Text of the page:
Making friends out of TypeScript and Vue Developers

Originally published at: Making friends out of TypeScript and Vue Developers - Ionic Blog

Here at Ionic, we’re big fans of TypeScript. Back when we were working on Ionic Framework 2.0, we made the move to go all in on TypeScript and haven’t looked back. When we shipped Ionic React, we made sure it used TypeScript out of the box and wrote about how to use TypeScript in a…

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I was pretty unhappy when Ionic 2 went with TypeScript, which I hadn’t learned yet. That made me put off upgrading from Ionic 1, which I eventually came to regret. Fast forward a few years later, and now I love TypeScript and Ionic 5. But I get why people would hesitate. It’s a lot to change all at once.

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I mean, it’s not always a lot. I specifically call out parts in my post where typescript will do most of the type checking for you automatically.

Thanks for an awesome intro to the main benefits of Typescript.

As a Dev new to Vue and Ionic at once Typescript felt like just another thing to learn at first. I’ve come to enjoy TS mostly. But here and there I run into Typescript errors that take 30-90min to solve at best. The last ones took days, I’m still searching. It’s particularly frustrating in such cases if you pop open JsFiddle and your code works 100% out of the box. Then stick it back in the project and run into heaps of errors you don’t understand. It’s probably where most of us go… wait a minute…

I’ve grown to understand some of the most common TS errors and often look up the more obscure ones. But even then when you’re just starting out it’s not always immediately clear what TS is on about.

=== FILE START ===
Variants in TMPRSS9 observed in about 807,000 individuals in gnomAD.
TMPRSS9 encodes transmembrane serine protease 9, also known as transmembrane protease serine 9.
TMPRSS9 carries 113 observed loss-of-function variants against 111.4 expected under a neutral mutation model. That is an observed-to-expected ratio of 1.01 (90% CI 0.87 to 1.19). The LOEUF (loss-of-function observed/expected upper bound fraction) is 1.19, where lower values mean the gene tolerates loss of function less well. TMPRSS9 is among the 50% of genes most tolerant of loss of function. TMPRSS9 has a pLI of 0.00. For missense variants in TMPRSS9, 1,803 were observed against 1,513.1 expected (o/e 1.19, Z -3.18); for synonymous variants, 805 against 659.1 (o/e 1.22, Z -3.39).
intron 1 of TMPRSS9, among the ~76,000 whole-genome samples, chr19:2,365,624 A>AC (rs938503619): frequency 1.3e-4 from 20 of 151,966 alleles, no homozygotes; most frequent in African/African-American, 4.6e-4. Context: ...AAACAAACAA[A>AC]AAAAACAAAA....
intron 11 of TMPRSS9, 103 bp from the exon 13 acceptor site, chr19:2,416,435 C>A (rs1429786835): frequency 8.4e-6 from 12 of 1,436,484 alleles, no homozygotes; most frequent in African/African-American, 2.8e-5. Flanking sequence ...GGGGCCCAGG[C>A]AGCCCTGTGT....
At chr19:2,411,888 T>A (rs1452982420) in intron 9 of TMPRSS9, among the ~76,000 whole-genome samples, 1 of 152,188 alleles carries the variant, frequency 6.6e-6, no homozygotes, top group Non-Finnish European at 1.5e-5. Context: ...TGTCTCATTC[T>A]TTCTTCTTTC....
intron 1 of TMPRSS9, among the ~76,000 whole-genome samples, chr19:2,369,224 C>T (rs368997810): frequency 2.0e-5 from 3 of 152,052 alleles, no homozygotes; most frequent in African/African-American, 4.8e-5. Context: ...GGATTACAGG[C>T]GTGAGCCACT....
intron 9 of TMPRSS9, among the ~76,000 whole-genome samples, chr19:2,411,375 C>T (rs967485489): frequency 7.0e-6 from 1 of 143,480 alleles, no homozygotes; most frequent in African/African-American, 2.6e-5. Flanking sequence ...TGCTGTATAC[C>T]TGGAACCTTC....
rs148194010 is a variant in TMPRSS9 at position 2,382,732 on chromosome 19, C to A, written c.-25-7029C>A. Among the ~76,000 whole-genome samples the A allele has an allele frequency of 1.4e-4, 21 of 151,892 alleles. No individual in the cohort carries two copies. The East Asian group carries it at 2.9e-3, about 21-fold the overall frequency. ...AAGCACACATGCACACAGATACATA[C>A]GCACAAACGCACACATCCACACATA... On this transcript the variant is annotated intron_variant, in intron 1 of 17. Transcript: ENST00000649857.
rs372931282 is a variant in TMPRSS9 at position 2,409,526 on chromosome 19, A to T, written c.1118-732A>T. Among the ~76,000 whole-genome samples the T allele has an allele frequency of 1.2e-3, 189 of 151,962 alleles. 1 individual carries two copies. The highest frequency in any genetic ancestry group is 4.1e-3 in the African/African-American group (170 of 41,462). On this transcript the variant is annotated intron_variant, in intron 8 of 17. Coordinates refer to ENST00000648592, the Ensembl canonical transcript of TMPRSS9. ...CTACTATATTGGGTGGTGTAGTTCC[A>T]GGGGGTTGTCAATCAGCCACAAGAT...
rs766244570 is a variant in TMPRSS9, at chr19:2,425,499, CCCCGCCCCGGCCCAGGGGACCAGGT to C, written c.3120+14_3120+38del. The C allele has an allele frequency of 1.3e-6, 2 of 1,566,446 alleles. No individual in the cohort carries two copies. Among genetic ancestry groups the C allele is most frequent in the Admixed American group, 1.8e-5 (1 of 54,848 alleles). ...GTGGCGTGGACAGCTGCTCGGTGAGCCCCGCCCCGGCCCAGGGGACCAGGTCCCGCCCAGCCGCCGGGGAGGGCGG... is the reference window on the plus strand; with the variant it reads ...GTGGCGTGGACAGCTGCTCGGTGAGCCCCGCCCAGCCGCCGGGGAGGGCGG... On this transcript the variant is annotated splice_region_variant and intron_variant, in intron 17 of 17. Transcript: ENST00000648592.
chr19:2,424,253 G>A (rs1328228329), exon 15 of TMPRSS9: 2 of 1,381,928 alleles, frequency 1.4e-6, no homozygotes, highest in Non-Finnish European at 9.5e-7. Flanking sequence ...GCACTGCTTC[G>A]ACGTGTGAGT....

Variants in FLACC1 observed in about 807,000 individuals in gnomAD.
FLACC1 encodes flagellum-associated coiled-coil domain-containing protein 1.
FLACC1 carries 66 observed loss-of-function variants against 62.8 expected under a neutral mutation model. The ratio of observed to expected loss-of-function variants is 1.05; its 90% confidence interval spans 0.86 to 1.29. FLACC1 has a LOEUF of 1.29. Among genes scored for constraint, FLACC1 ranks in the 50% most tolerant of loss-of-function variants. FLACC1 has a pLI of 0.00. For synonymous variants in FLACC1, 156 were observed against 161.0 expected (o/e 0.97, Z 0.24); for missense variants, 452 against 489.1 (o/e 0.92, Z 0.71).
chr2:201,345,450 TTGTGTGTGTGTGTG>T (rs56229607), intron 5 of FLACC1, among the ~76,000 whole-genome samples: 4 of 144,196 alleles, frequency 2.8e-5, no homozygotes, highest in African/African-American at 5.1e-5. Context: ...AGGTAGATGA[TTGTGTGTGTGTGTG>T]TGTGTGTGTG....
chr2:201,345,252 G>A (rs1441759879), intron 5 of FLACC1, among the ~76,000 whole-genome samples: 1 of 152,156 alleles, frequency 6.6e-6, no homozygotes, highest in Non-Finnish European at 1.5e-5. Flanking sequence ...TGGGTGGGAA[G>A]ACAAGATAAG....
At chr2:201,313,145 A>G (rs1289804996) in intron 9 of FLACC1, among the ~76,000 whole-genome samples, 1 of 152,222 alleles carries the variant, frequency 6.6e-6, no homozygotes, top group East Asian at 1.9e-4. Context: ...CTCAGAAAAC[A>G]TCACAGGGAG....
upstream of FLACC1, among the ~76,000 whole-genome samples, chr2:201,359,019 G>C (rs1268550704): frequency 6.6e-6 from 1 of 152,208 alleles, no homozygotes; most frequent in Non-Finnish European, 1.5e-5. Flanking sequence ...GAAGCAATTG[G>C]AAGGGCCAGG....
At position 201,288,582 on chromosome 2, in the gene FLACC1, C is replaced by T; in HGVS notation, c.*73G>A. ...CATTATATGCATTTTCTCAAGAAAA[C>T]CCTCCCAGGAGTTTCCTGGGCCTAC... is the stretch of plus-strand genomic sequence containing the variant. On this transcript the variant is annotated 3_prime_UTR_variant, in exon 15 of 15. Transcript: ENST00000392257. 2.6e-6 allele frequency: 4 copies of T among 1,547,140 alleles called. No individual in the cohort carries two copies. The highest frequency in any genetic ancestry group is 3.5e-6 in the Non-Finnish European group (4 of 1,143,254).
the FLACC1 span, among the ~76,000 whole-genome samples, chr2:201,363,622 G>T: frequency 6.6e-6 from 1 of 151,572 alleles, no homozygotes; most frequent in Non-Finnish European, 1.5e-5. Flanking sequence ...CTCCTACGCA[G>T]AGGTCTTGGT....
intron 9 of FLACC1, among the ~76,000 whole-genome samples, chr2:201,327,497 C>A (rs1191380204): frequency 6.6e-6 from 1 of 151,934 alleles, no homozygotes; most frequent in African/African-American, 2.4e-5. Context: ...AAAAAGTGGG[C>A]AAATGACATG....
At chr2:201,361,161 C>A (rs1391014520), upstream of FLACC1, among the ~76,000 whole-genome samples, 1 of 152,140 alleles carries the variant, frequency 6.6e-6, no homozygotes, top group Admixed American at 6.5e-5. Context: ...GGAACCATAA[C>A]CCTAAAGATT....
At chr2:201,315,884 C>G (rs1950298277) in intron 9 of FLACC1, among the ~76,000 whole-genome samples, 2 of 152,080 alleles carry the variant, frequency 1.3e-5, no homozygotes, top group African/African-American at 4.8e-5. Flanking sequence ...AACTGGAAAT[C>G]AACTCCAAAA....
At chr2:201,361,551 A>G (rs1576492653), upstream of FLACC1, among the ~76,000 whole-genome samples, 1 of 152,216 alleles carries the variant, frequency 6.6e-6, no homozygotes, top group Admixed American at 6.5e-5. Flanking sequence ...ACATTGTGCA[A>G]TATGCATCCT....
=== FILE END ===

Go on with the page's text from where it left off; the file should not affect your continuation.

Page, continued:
This is especially pronounced in an Ionic Vue3 project where for some reason the TS errors refer to totally different line numbers than what is in the code. It seems from my digging that it’s an open bug at the moment. But this makes debugging very hit and miss and often directly leads to days in debugging. I know the past 3days in my latest Ionic project where just spent hunting TS errors. I often just revert with git and start from the past checkpoint. If that means redoing 1-3days of work it’s often worth it compared to guessing what line number TS is throwing errors on. As a Dev new to Vue and Ionic I don’t exactly type this out in VIm like you do ;-). I also probably make some of the most obvious mistakes.

Lately I code and check line by line so I catch TS errors early on while I’m still coding a new line.

I think in time though TS is going to prove to be an invaluable asset. So I’m gritting my teeth and bearing the growing pains. Less debugging on very obscure issues later on is certainly worth it.

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Just loving all these confessions!

I converted after one project without TS (suffering many runtime pains) and disciplined myself to use Typescript. My confession is that I do cheat once in a while by using the any or unknown keyword, misleading Typescript and myself. That is why I add the comment “Hacky” to every line where I cheat.

I might be mistaken, but in my (Angular) case, my editor (vs code) tells me where I go wrong in Typescript at the moment I type the mistake.

I hardly look at the CLI output anymore these days. Nor am caught in Typescript messages in the browser that way. So hardly any need to look for line numbers due to TS issues. Runtime issues (if any) are mostly due to APIs and wrong logic

The editor and the app end result are my focal points. Creating and checking line by line, as u also mention.

Shouldn’t this also be possible for Vue, looking at the blog?

Otherwise, one would think there is an issue with the TS transpiler?

@mhartington Speaking as a new VueJs Developer in a first solo project TS causes extreme frustration when you spend 90% of productive time chasing implicit errors senselessly on working JS code. It’s Einstein’s definition of insanity.

I’ve spent time pushing through TS primers and TS is not hard but it does require understanding for the underlying code you’re working with. I can code VanillaJS off the top of my head. The hard part is when you’re learning VueJS and Ionic and Capacitor and along comes TS errors for days on end with senseless nonsense. To a new IonicVue dev this negates all the gains of using a framework.